Affair Proofing Your Relationship, Part 2


More tips on keeping your relationship safe from an affair!

Here are even more tips for preventing an affair in your relationship. 

Affair Proofing Tip #3: BE RESPONSIBLE FOR YOUR HAPPINESS and take care of your mental health

When human beings aren’t happy, we may start to develop dysfunctional ways of dealing with emotional pain. We may gamble, drink, do drugs, sit like sloths and play video games all day, start taking it out on family or coworkers, sleep more, or find other ways to distract ourselves from the pain. Alternatively and hopefully, of course, we might also exercise, journal, seek counseling, spend time with friends, do yoga, start a hobby, quit our jobs, etc. The problem with staying in emotional pain for too long is that it starts to do a lot of damage to our relationships. Yes, we married “for better or for worse” but nobody said the “worse” part was any fun or that it doesn’t do a lot of damage. When someone is unhappy, they are no fun to be around. Distance and loneliness seeps in for one or both partners and each become more susceptible to many dysfunctional things, including extramarital affairs. 


Let’s face it, marriage is hard enough without friends or acquaintances encouraging you to either cheat or not honor your spouse’s request. Friends who make fun of you for having to “call the wife” or want you to go to single bars “just to look” are probably friends that won’t stop you should you find yourself in a compromising situation. These are the friends that your wife or husband often complain about. Your spouse just may feel uncomfortable because s/he gets that sense that this friend or acquaintance isn’t supportive of the marriage and fidelity. 


Whether it’s a new friend from work, your bowling club or church group, you need to pay close attention to what’s happening with that relationship. Some people are just more at ease and have more friendships with members of the opposite sex. In this case, your spouse may already be more accustomed to you talking about your male or female friends and there may be no issue. Sometimes, though, friendships can start innocently and then end up in a dangerous place. We all like new friends and sharing other parts of ourselves. But you need to ask yourself the following questions to make sure that this “friendship” doesn’t slip into an emotional or physical affair.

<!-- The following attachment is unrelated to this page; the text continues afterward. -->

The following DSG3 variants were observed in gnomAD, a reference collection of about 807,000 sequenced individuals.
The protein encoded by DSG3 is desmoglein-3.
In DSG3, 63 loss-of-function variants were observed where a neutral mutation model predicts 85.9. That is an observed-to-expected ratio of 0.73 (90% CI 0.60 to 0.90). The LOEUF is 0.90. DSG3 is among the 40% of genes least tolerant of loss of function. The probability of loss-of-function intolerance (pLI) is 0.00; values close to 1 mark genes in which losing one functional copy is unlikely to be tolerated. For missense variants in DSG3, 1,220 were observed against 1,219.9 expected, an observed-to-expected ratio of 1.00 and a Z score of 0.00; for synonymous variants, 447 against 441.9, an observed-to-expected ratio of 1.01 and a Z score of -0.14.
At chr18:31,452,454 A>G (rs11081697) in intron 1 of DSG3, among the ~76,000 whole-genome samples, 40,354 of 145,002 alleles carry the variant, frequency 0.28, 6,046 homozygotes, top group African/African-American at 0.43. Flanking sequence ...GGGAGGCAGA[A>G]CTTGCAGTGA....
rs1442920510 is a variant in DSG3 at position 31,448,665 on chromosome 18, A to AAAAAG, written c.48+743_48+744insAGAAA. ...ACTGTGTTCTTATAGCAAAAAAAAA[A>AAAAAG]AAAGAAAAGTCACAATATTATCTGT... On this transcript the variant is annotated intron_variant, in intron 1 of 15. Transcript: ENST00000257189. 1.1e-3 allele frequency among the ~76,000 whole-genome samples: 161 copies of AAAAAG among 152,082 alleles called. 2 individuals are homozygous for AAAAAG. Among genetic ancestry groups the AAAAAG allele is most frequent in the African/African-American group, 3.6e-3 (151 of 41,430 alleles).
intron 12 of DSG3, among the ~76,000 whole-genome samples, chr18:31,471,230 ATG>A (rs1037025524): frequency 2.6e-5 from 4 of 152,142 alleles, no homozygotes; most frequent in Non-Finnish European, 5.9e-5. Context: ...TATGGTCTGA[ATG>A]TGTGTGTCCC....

o Do you find yourself telling him or her more about your day or intimate secrets than you do your spouse? 
o Do you share intimate details or complaints about your marriage with this person?
o Would you be comfortable if your spouse walked in on your conversation with this person?
o Do you find yourself not wanting to share with your spouse how much you see or talk to this person?
o Are you aware of any sexual tension between you and this person?
o Do you find yourself fantasizing about this person? 
o Do you feel like you’re in love with this person? 

If you answered yes to any of these questions, what do you need to do about it? Ask yourself, Is this friendship worth costing my marriage and/or family? If it’s not worth it, then you must take steps to create more appropriate boundaries in this friendship or even let it go completely. You need to set up rules for talking and meeting with this person. This can be very hard, especially if you feel like you’ve fallen in love with the person. You may need to get support from a counselor or a good friend who’s supportive of your marriage.

This article was originally published at . Reprinted with permission from the author.